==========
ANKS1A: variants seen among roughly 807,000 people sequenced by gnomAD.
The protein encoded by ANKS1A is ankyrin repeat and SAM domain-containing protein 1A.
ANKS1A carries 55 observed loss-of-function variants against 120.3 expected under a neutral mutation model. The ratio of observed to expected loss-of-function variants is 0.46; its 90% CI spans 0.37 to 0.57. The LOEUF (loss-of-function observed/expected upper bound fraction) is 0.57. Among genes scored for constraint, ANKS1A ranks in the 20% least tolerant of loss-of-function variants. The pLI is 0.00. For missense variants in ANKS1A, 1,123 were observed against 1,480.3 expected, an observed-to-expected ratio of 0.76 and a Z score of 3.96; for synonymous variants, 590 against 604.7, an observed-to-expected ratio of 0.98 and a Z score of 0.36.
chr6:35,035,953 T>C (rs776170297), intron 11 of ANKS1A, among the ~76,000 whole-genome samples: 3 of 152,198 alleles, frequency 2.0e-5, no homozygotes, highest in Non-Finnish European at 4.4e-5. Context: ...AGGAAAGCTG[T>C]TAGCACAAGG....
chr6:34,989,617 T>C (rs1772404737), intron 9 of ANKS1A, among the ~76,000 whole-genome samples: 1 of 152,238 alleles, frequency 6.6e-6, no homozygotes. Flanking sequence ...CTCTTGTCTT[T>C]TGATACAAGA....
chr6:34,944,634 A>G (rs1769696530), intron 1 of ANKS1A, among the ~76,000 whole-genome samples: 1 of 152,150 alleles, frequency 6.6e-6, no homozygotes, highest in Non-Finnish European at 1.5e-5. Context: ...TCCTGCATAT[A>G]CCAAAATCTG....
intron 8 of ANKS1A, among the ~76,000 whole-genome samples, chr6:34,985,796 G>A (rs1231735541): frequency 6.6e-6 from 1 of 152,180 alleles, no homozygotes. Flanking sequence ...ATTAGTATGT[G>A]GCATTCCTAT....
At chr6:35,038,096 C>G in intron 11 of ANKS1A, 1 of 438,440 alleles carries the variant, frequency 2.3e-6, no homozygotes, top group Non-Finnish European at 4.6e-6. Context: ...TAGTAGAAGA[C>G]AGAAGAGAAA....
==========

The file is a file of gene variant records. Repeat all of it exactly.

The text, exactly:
ANKS1A: variants seen among roughly 807,000 people sequenced by gnomAD.
The protein encoded by ANKS1A is ankyrin repeat and SAM domain-containing protein 1A.
ANKS1A carries 55 observed loss-of-function variants against 120.3 expected under a neutral mutation model. The ratio of observed to expected loss-of-function variants is 0.46; its 90% CI spans 0.37 to 0.57. The LOEUF (loss-of-function observed/expected upper bound fraction) is 0.57. Among genes scored for constraint, ANKS1A ranks in the 20% least tolerant of loss-of-function variants. The pLI is 0.00. For missense variants in ANKS1A, 1,123 were observed against 1,480.3 expected, an observed-to-expected ratio of 0.76 and a Z score of 3.96; for synonymous variants, 590 against 604.7, an observed-to-expected ratio of 0.98 and a Z score of 0.36.
chr6:35,035,953 T>C (rs776170297), intron 11 of ANKS1A, among the ~76,000 whole-genome samples: 3 of 152,198 alleles, frequency 2.0e-5, no homozygotes, highest in Non-Finnish European at 4.4e-5. Context: ...AGGAAAGCTG[T>C]TAGCACAAGG....
chr6:34,989,617 T>C (rs1772404737), intron 9 of ANKS1A, among the ~76,000 whole-genome samples: 1 of 152,238 alleles, frequency 6.6e-6, no homozygotes. Flanking sequence ...CTCTTGTCTT[T>C]TGATACAAGA....
chr6:34,944,634 A>G (rs1769696530), intron 1 of ANKS1A, among the ~76,000 whole-genome samples: 1 of 152,150 alleles, frequency 6.6e-6, no homozygotes, highest in Non-Finnish European at 1.5e-5. Context: ...TCCTGCATAT[A>G]CCAAAATCTG....
intron 8 of ANKS1A, among the ~76,000 whole-genome samples, chr6:34,985,796 G>A (rs1231735541): frequency 6.6e-6 from 1 of 152,180 alleles, no homozygotes. Flanking sequence ...ATTAGTATGT[G>A]GCATTCCTAT....
At chr6:35,038,096 C>G in intron 11 of ANKS1A, 1 of 438,440 alleles carries the variant, frequency 2.3e-6, no homozygotes, top group Non-Finnish European at 4.6e-6. Context: ...TAGTAGAAGA[C>G]AGAAGAGAAA....